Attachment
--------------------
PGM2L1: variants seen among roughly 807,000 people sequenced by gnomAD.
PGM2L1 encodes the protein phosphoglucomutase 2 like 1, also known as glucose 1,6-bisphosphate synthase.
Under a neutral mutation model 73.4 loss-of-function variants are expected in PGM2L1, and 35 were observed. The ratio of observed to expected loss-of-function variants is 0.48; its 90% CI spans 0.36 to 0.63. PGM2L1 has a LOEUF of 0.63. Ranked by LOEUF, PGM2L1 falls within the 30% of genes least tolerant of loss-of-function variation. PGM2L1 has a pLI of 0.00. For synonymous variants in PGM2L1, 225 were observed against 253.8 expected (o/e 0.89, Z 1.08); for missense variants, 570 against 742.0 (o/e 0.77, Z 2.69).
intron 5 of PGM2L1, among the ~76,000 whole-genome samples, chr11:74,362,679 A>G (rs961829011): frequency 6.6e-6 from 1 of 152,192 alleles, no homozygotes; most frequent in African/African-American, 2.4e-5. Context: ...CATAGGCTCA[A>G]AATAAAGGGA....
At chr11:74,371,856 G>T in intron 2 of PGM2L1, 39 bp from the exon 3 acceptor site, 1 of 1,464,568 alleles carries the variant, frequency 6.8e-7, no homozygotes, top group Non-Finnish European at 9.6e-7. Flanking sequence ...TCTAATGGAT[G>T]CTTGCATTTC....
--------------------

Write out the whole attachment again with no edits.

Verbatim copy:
PGM2L1: variants seen among roughly 807,000 people sequenced by gnomAD.
PGM2L1 encodes the protein phosphoglucomutase 2 like 1, also known as glucose 1,6-bisphosphate synthase.
Under a neutral mutation model 73.4 loss-of-function variants are expected in PGM2L1, and 35 were observed. The ratio of observed to expected loss-of-function variants is 0.48; its 90% CI spans 0.36 to 0.63. PGM2L1 has a LOEUF of 0.63. Ranked by LOEUF, PGM2L1 falls within the 30% of genes least tolerant of loss-of-function variation. PGM2L1 has a pLI of 0.00. For synonymous variants in PGM2L1, 225 were observed against 253.8 expected (o/e 0.89, Z 1.08); for missense variants, 570 against 742.0 (o/e 0.77, Z 2.69).
intron 5 of PGM2L1, among the ~76,000 whole-genome samples, chr11:74,362,679 A>G (rs961829011): frequency 6.6e-6 from 1 of 152,192 alleles, no homozygotes; most frequent in African/African-American, 2.4e-5. Context: ...CATAGGCTCA[A>G]AATAAAGGGA....
At chr11:74,371,856 G>T in intron 2 of PGM2L1, 39 bp from the exon 3 acceptor site, 1 of 1,464,568 alleles carries the variant, frequency 6.8e-7, no homozygotes, top group Non-Finnish European at 9.6e-7. Flanking sequence ...TCTAATGGAT[G>T]CTTGCATTTC....